The Austrian Pinscher dogs are a medium-large breed, descended from the old type of pinscher found on Austrian farms. This traditional Austrian farmer’s dog was developed as a guard dog, protecting houses and livestock.
Their closest cousin is the German Pinscher though they differ when it comes to hair, color of the coat and body proportions.
Controlled breeding began in 1921. The breed was recognized in its native country by the Austrian Kynologenverband (ÖKV, Austrian Kennel Club) in 1928.
The name originally given to the breed was the Österreichischer Kurzhaarpinscher (Austrian Shorthaired Pinscher). It was renamed the Austrian Pinscher in 2000.
Internationally, this dog became a distinct breed and was put by the Fédération Cynologique Internationale in the Pinscher section of Group 2.
With its background as a rat hunter, it was also recognized by the United Kennel Club in the United States as the Austrian Pinscher as of 2006 in the Terrier Group.
Traits and Behavior
Austrian Pinschers are a breed of dogs that show a confident and forceful personality. They are attentive, lively and playful. Also, they are loyal, devoted and friendly when it comes to their masters and to people they know.
However, they can become distrustful towards strangers and most especially towards people who will try to enter their territory uninvited. This protective nature makes them cherished companions.
This dog is the kind of animal that will surely be happy living in a place where it can put its instinctive ability to work. The Austrian Pinscher will love to be involved in any kind of sports its master plays. This breed may not get along very well with its fellow other dogs if they weren’t able to be socialized at an early age.
Pet Care and Diseases
While the Austrian Pinscher is typically known as a healthy and strong breed, they do suffer from a few health problems, such as:
- Hip and elbow dysplasia
- High risk to develop cancer
- Eye problems (Primary lens luxation or dislocation of the lens, Progressive retinal atrophy, Entropian/Ectropion – folding inward or outward of the eyelid, respectively)
These active and athletic dogs require large amounts of daily exercise. The Austrian Pinscher will get enough exercise if it is living on a farm however if you don’t have a big yard, long walks for the dog will suffice.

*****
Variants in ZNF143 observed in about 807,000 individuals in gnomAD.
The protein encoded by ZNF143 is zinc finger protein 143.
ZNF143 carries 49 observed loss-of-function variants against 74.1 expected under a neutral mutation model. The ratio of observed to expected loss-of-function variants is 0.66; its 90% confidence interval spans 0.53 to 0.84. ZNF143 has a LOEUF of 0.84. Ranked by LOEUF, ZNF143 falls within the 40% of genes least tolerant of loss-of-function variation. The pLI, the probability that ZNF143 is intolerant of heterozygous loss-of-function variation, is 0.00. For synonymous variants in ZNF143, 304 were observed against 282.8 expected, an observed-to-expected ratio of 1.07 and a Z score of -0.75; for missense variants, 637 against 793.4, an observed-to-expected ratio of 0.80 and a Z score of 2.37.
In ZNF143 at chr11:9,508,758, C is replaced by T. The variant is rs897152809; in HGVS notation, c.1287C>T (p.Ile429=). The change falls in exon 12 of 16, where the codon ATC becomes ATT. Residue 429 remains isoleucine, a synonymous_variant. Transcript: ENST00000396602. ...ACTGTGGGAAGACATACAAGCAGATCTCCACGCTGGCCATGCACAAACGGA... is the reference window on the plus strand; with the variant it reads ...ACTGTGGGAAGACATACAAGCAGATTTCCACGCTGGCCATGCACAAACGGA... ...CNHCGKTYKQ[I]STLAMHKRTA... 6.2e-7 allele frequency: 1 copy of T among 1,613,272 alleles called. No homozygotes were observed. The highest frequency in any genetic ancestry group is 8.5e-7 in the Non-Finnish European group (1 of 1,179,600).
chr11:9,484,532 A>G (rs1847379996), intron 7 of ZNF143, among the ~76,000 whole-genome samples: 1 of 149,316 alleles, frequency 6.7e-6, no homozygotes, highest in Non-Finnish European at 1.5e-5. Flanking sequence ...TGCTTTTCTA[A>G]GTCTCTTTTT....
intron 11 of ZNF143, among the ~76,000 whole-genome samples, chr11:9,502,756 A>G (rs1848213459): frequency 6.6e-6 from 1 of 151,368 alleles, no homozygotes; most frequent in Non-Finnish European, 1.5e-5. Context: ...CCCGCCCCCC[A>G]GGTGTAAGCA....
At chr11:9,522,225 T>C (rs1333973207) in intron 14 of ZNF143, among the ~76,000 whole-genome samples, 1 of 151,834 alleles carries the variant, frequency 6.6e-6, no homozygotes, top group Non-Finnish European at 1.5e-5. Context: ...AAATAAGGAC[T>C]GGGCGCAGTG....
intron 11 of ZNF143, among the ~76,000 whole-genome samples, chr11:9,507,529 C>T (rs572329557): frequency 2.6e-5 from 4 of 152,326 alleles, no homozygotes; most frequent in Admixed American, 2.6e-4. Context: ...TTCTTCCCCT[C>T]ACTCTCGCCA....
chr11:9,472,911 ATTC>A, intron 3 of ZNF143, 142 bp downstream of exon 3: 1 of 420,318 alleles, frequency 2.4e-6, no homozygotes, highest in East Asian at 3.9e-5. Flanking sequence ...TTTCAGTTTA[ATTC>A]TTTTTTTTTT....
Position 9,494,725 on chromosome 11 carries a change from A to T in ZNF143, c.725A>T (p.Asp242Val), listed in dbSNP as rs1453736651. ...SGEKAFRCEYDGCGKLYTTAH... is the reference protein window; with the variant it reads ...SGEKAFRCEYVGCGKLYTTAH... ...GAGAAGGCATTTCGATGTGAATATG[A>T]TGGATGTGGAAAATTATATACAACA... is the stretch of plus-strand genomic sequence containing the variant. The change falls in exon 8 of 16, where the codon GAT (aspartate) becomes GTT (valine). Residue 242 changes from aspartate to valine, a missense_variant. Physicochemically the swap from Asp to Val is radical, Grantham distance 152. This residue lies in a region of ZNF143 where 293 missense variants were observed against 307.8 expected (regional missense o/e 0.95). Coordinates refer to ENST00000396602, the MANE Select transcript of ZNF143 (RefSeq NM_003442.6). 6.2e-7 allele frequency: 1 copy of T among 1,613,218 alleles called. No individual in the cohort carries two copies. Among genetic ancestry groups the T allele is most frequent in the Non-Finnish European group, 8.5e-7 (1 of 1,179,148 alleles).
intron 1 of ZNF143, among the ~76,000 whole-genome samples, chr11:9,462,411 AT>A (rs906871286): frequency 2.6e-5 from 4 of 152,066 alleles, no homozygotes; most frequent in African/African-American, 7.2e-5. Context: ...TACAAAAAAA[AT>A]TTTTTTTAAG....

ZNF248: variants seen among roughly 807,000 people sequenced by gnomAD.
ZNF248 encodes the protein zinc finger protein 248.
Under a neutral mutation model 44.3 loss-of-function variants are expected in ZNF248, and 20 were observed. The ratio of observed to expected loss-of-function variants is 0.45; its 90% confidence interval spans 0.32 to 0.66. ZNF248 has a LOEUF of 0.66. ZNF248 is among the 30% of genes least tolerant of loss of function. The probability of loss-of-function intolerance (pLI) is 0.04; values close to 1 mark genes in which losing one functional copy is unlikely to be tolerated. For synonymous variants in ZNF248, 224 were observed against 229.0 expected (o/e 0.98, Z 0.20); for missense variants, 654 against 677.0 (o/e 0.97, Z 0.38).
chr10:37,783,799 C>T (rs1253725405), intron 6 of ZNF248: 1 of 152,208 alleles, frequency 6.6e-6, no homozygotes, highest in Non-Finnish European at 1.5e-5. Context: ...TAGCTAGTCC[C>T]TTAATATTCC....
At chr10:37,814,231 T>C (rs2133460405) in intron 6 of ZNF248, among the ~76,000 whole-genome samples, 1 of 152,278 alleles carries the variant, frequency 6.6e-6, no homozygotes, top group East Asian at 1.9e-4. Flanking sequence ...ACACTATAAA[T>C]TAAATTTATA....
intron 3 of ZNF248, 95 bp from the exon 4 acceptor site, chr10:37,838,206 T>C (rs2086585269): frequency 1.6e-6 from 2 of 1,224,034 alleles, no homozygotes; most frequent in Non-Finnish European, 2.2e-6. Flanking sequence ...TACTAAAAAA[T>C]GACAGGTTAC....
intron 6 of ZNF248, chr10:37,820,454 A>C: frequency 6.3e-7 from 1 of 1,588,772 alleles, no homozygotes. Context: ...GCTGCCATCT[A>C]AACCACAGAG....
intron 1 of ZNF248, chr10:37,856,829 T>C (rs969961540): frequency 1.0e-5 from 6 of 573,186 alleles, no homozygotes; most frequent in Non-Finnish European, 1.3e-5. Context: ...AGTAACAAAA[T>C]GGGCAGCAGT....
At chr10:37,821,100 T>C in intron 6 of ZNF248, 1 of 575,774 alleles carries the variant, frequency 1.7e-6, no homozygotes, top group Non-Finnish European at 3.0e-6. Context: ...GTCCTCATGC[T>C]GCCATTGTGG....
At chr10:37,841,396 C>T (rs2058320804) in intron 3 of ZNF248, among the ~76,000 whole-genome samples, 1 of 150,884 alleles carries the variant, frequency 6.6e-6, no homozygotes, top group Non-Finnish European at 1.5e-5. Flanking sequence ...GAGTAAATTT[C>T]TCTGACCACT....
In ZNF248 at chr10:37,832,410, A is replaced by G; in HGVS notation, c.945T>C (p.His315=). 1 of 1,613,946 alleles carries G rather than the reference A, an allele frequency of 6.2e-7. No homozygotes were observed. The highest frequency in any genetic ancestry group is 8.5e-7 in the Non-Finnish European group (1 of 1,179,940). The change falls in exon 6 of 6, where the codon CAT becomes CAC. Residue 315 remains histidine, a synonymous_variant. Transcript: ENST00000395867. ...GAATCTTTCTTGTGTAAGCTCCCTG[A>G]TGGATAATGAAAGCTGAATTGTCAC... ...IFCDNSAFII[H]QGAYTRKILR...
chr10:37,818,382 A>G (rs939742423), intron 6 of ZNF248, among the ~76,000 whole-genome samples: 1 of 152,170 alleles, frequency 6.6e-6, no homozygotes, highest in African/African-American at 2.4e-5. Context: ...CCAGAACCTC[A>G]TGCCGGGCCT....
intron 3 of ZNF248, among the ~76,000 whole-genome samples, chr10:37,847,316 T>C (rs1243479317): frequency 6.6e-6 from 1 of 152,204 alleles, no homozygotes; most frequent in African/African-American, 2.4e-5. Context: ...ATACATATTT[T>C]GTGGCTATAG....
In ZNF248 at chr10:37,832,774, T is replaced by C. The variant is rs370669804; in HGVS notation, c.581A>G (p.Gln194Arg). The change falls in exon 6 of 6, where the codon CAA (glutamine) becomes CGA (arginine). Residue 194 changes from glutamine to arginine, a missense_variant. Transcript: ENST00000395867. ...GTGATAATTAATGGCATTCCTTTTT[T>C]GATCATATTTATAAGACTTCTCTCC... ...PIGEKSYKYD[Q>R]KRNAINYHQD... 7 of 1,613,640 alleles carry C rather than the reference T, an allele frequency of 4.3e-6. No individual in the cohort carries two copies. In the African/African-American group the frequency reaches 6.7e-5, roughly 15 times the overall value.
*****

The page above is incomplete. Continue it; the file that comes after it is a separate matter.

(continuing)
This dog needs a firm, but calm, confident and consistent handler, otherwise, if the Austrian Pinscher does not receive the proper amount of exercise and space, it will often act out by destroying property, chewing, digging, barking, whining, and ignoring basic training such as housebreaking.
When it comes to grooming, an occasional brushing will do. Being outdoorsy dog, they need a good bath at least once every month.
The average height for the Austrian Pinscher is about 14-20 inches (36-51 cm) while the typical weight is approximately 26-40 lbs (12-18 kg).
This breed has a pear-shaped head, with charming button ears and a bright expression. The body is slightly longer horizontally, compact and somewhat stocky.
The chest is long, deep, broad and barrel-shaped, with a well-developed fore-chest. The withers are well defined, and the back is short, broad and straight.
The loin is short and broad, and the croup is long and broad. The belly is slightly tucked up. The feet have well-arched toes.
The coat is thick and double. The color is virtually any shade of gold, red, brown or black with tan/gold markings. Also, white is considered acceptable on the chest, muzzle, neck, throat, nape, feet and tip of the tail.
The life expectancy for this breed is about 12-14 years. The litter size could go up to 3-6 puppies. The Austrian Pinscher is also known as Österreichischer, Kurzhaarpinscher or Austrian Shorthaired Pinscher
Visit this dog club website dedicated to Austrian Pinschers. Click this link: http://www.oe-pinscher-klub.at/